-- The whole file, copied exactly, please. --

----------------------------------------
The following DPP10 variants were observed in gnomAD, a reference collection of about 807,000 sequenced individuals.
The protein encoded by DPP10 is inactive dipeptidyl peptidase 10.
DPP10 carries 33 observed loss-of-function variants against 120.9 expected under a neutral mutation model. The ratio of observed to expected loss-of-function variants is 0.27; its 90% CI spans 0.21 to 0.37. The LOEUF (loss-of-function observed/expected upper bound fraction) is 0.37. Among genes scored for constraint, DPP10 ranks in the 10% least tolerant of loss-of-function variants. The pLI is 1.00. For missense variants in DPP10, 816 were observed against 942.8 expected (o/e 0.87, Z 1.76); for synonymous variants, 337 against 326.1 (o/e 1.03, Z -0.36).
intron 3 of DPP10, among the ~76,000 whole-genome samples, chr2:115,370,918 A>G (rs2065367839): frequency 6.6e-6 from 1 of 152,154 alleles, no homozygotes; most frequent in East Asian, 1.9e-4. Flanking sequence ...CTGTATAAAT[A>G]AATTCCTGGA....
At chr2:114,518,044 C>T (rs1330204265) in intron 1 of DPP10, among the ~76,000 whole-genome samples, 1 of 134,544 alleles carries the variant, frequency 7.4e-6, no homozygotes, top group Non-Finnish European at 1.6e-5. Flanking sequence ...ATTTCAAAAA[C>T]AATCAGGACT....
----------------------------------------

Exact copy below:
The following DPP10 variants were observed in gnomAD, a reference collection of about 807,000 sequenced individuals.
The protein encoded by DPP10 is inactive dipeptidyl peptidase 10.
DPP10 carries 33 observed loss-of-function variants against 120.9 expected under a neutral mutation model. The ratio of observed to expected loss-of-function variants is 0.27; its 90% CI spans 0.21 to 0.37. The LOEUF (loss-of-function observed/expected upper bound fraction) is 0.37. Among genes scored for constraint, DPP10 ranks in the 10% least tolerant of loss-of-function variants. The pLI is 1.00. For missense variants in DPP10, 816 were observed against 942.8 expected (o/e 0.87, Z 1.76); for synonymous variants, 337 against 326.1 (o/e 1.03, Z -0.36).
intron 3 of DPP10, among the ~76,000 whole-genome samples, chr2:115,370,918 A>G (rs2065367839): frequency 6.6e-6 from 1 of 152,154 alleles, no homozygotes; most frequent in East Asian, 1.9e-4. Flanking sequence ...CTGTATAAAT[A>G]AATTCCTGGA....
At chr2:114,518,044 C>T (rs1330204265) in intron 1 of DPP10, among the ~76,000 whole-genome samples, 1 of 134,544 alleles carries the variant, frequency 7.4e-6, no homozygotes, top group Non-Finnish European at 1.6e-5. Flanking sequence ...ATTTCAAAAA[C>T]AATCAGGACT....